Ipso post facto

Ipso post facto

Like too many political campaigns, some in the media industry are promoting falsehoods to fit a biased agenda. With ample evidence, BARB’s Joe Lewis sets the record straight

We live in a strange new world. In politics, in media, fact and truth have been replaced with mis-truth and hearsay. Of course we are used to publishers and advertising practitioners alike trying to push an angle to suit their own commercial interests. But where in the past this was driven by sound and robust research, today we are driven by assumption and at times ignorance, with a message repeated ad infinitum, until it exists in our mind-set as reality.

At a recent conference, a senior planner from a respectable media agency stood on the platform and stated to my surprise “of course young people prefer to watch TV on their smartphones these days”. This statement was met with no challenge or counter. But let’s think about it: young people ‘prefer’ to watch TV on their mobiles.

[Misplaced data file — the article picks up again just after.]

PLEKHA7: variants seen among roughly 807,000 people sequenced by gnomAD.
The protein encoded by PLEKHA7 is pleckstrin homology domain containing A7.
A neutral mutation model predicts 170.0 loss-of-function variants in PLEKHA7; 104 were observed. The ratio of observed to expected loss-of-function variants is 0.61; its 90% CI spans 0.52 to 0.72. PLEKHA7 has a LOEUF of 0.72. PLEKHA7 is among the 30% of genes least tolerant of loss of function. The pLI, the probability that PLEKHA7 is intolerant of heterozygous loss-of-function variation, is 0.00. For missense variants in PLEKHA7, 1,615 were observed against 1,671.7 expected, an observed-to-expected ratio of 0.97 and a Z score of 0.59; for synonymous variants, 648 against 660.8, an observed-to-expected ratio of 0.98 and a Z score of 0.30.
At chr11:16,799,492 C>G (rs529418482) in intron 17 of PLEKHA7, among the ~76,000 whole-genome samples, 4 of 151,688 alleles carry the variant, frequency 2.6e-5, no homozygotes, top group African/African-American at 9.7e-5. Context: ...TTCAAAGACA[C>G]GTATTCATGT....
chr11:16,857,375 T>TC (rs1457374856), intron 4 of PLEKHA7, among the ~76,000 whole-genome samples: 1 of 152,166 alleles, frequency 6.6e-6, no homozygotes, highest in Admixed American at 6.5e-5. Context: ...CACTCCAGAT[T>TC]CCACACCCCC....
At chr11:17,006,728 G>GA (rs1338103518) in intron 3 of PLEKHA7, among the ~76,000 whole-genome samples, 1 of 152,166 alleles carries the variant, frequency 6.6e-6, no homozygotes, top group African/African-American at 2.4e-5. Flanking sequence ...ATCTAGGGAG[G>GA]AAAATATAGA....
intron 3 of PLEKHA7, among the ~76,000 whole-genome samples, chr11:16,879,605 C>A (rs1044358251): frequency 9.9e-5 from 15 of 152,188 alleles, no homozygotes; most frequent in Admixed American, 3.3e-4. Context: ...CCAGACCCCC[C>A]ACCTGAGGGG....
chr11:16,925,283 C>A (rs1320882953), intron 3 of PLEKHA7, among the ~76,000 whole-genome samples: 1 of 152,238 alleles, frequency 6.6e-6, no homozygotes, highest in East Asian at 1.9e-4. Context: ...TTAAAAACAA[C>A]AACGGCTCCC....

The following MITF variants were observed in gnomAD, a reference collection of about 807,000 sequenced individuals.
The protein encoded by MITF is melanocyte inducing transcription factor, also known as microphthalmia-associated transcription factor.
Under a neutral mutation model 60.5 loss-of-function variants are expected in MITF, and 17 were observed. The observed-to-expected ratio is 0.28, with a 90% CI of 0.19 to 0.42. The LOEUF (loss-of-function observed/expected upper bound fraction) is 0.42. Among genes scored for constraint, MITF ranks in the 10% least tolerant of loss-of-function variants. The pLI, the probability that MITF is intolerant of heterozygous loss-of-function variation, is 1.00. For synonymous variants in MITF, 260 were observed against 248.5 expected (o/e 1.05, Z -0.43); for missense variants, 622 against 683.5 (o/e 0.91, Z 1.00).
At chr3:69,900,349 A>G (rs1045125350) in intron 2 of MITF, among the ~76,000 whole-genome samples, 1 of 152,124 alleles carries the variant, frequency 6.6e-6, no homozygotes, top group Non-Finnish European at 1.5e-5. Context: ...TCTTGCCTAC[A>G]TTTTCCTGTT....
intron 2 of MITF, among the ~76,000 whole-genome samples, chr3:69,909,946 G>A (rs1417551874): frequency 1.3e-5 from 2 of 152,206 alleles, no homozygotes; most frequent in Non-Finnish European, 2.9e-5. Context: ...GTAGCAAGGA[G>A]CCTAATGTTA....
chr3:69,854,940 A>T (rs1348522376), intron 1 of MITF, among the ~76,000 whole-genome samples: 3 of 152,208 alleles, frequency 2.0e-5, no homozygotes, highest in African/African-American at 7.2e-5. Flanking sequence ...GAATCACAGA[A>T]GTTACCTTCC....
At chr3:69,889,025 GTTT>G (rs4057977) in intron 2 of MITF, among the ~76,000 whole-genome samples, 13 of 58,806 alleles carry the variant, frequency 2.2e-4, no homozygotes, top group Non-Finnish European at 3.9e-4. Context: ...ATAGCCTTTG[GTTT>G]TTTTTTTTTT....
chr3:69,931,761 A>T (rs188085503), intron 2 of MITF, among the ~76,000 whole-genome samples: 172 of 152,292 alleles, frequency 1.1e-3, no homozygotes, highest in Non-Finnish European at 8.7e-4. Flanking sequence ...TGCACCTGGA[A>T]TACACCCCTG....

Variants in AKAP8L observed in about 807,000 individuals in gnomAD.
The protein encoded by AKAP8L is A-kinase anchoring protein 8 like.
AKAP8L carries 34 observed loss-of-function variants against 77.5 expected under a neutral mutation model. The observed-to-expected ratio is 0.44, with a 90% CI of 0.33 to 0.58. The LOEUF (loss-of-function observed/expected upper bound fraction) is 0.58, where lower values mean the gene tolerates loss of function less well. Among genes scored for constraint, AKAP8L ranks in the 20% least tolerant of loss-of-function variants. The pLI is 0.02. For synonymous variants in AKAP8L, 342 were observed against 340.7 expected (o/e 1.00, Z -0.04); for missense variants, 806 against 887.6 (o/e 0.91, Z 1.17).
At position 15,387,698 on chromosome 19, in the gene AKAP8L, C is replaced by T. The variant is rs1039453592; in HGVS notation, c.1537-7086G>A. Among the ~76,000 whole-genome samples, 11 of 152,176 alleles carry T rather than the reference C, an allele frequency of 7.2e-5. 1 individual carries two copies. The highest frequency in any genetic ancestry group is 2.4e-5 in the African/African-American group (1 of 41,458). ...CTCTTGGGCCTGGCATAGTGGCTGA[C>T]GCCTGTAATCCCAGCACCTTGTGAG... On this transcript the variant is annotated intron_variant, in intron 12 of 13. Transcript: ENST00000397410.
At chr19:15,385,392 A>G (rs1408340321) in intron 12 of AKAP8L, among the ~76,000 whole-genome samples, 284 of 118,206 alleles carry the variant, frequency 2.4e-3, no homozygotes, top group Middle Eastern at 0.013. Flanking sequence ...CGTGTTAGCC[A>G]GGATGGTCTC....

I guess it must be that tremendous immersive environment you get on a 4-inch screen or the fantastic shared viewing experience that only a smartphone can offer. He’s stated it as fact, so it must be true. Those young people don’t want a 40-inch ultra HD screen; they prefer to watch everything on their smartphones. Glad that’s been sorted out.

As is often the case, it was a statement made as fact, but lacking evidence, to suit the particular narrative. I sat there quietly scoffing under my breath but also allowing the narrative to go un-objected as many in the audience nodded away. Surely someone else in the room will put this guy right? They didn’t.


It’s time we stopped allowing misconceptions to manifest into fact. Let’s start with television viewing. As mentioned, the misconception is that people are turning away from the TV set – some people ‘prefer’ smaller screens after all. But is that true? If we only look at traditional 7-day TV viewing, then we do see declines.

… read on at mediatel.co.uk.

Originally posted by Joe Lewis at Mediatel Newsline
14th December 2016

For another view on how media people can sometimes lose perspective with data, listen to this exchange from the recent asi International Television & Video Conference in Budapest: click here to watch the video.